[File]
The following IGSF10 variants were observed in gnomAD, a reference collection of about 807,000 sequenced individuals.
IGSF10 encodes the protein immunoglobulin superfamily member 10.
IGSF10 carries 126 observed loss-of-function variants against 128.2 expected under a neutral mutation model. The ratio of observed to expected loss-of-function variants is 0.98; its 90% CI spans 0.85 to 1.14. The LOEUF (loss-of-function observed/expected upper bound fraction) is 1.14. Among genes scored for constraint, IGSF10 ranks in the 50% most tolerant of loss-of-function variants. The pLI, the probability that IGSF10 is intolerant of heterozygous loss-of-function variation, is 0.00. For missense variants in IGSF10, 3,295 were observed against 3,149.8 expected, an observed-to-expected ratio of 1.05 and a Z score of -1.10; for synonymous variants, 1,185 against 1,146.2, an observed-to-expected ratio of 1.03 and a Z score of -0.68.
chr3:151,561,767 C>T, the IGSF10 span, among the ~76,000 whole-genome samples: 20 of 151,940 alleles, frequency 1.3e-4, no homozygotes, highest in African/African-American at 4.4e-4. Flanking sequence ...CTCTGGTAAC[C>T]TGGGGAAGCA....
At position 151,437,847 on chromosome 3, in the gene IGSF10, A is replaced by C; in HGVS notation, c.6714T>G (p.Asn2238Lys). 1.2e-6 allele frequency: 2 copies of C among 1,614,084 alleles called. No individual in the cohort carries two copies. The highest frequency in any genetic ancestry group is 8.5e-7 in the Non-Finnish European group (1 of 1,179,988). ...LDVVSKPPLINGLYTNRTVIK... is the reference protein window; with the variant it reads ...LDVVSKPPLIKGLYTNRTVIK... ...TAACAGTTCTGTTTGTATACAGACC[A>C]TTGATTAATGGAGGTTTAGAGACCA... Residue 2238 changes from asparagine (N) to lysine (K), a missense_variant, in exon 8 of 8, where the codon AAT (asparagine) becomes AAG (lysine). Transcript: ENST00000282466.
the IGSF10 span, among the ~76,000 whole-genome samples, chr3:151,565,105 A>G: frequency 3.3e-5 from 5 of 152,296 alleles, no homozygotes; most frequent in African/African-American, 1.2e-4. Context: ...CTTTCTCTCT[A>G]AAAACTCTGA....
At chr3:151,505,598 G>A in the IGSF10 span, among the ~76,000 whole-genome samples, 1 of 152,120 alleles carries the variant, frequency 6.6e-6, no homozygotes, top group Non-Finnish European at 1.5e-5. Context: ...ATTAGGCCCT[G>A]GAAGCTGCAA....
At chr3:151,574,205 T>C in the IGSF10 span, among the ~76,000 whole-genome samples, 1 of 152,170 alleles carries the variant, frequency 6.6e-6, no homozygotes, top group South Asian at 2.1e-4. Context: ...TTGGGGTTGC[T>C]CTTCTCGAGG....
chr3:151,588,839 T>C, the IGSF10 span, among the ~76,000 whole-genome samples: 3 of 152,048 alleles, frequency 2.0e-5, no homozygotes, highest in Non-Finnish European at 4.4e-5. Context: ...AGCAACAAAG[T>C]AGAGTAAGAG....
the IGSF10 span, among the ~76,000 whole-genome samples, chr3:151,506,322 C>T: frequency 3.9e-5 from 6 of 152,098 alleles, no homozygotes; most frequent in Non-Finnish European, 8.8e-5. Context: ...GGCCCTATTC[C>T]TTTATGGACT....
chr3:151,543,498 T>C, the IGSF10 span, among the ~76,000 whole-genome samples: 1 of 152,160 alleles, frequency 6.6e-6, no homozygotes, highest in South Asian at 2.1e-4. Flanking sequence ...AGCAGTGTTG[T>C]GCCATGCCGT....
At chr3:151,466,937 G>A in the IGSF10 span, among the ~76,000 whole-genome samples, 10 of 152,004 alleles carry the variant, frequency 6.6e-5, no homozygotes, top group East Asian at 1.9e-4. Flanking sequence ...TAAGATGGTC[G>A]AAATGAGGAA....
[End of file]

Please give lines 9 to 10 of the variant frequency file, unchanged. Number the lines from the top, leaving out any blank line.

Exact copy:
chr3:151,588,839 T>C, the IGSF10 span, among the ~76,000 whole-genome samples: 3 of 152,048 alleles, frequency 2.0e-5, no homozygotes, highest in Non-Finnish European at 4.4e-5. Context: ...AGCAACAAAG[T>C]AGAGTAAGAG....
the IGSF10 span, among the ~76,000 whole-genome samples, chr3:151,506,322 C>T: frequency 3.9e-5 from 6 of 152,098 alleles, no homozygotes; most frequent in Non-Finnish European, 8.8e-5. Context: ...GGCCCTATTC[C>T]TTTATGGACT....